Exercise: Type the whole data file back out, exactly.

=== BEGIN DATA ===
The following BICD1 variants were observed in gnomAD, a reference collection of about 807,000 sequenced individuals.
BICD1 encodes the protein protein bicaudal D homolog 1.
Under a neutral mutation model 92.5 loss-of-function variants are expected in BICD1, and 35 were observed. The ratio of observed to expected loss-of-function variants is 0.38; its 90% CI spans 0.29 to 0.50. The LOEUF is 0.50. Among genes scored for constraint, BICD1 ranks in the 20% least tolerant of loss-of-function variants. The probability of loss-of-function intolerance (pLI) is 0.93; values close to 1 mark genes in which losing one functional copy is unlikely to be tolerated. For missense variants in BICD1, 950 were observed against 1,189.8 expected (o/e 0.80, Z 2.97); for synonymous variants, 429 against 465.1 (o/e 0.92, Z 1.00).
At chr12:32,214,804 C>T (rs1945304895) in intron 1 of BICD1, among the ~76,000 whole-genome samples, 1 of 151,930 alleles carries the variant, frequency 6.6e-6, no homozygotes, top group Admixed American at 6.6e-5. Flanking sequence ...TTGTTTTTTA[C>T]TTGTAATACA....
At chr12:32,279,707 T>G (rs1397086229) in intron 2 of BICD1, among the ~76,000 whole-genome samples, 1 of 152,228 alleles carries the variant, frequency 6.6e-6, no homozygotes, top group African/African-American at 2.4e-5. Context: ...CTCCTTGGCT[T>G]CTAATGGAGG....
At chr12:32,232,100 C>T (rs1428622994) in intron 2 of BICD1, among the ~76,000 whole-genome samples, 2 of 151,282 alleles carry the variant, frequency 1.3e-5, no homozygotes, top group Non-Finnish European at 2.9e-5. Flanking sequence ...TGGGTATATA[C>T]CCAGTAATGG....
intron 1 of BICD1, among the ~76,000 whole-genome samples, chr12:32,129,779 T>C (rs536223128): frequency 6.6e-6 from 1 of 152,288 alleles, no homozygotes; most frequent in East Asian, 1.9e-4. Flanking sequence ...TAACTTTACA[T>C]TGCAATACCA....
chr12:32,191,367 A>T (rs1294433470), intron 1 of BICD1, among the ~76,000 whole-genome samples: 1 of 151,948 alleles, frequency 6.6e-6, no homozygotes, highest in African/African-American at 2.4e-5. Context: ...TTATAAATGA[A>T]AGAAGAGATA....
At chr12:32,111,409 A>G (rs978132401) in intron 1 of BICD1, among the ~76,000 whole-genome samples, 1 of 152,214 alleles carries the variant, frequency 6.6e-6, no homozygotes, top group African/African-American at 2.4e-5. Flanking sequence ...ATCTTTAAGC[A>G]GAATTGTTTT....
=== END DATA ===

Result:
The following BICD1 variants were observed in gnomAD, a reference collection of about 807,000 sequenced individuals.
BICD1 encodes the protein protein bicaudal D homolog 1.
Under a neutral mutation model 92.5 loss-of-function variants are expected in BICD1, and 35 were observed. The ratio of observed to expected loss-of-function variants is 0.38; its 90% CI spans 0.29 to 0.50. The LOEUF is 0.50. Among genes scored for constraint, BICD1 ranks in the 20% least tolerant of loss-of-function variants. The probability of loss-of-function intolerance (pLI) is 0.93; values close to 1 mark genes in which losing one functional copy is unlikely to be tolerated. For missense variants in BICD1, 950 were observed against 1,189.8 expected (o/e 0.80, Z 2.97); for synonymous variants, 429 against 465.1 (o/e 0.92, Z 1.00).
At chr12:32,214,804 C>T (rs1945304895) in intron 1 of BICD1, among the ~76,000 whole-genome samples, 1 of 151,930 alleles carries the variant, frequency 6.6e-6, no homozygotes, top group Admixed American at 6.6e-5. Flanking sequence ...TTGTTTTTTA[C>T]TTGTAATACA....
At chr12:32,279,707 T>G (rs1397086229) in intron 2 of BICD1, among the ~76,000 whole-genome samples, 1 of 152,228 alleles carries the variant, frequency 6.6e-6, no homozygotes, top group African/African-American at 2.4e-5. Context: ...CTCCTTGGCT[T>G]CTAATGGAGG....
At chr12:32,232,100 C>T (rs1428622994) in intron 2 of BICD1, among the ~76,000 whole-genome samples, 2 of 151,282 alleles carry the variant, frequency 1.3e-5, no homozygotes, top group Non-Finnish European at 2.9e-5. Flanking sequence ...TGGGTATATA[C>T]CCAGTAATGG....
intron 1 of BICD1, among the ~76,000 whole-genome samples, chr12:32,129,779 T>C (rs536223128): frequency 6.6e-6 from 1 of 152,288 alleles, no homozygotes; most frequent in East Asian, 1.9e-4. Flanking sequence ...TAACTTTACA[T>C]TGCAATACCA....
chr12:32,191,367 A>T (rs1294433470), intron 1 of BICD1, among the ~76,000 whole-genome samples: 1 of 151,948 alleles, frequency 6.6e-6, no homozygotes, highest in African/African-American at 2.4e-5. Context: ...TTATAAATGA[A>T]AGAAGAGATA....
At chr12:32,111,409 A>G (rs978132401) in intron 1 of BICD1, among the ~76,000 whole-genome samples, 1 of 152,214 alleles carries the variant, frequency 6.6e-6, no homozygotes, top group African/African-American at 2.4e-5. Flanking sequence ...ATCTTTAAGC[A>G]GAATTGTTTT....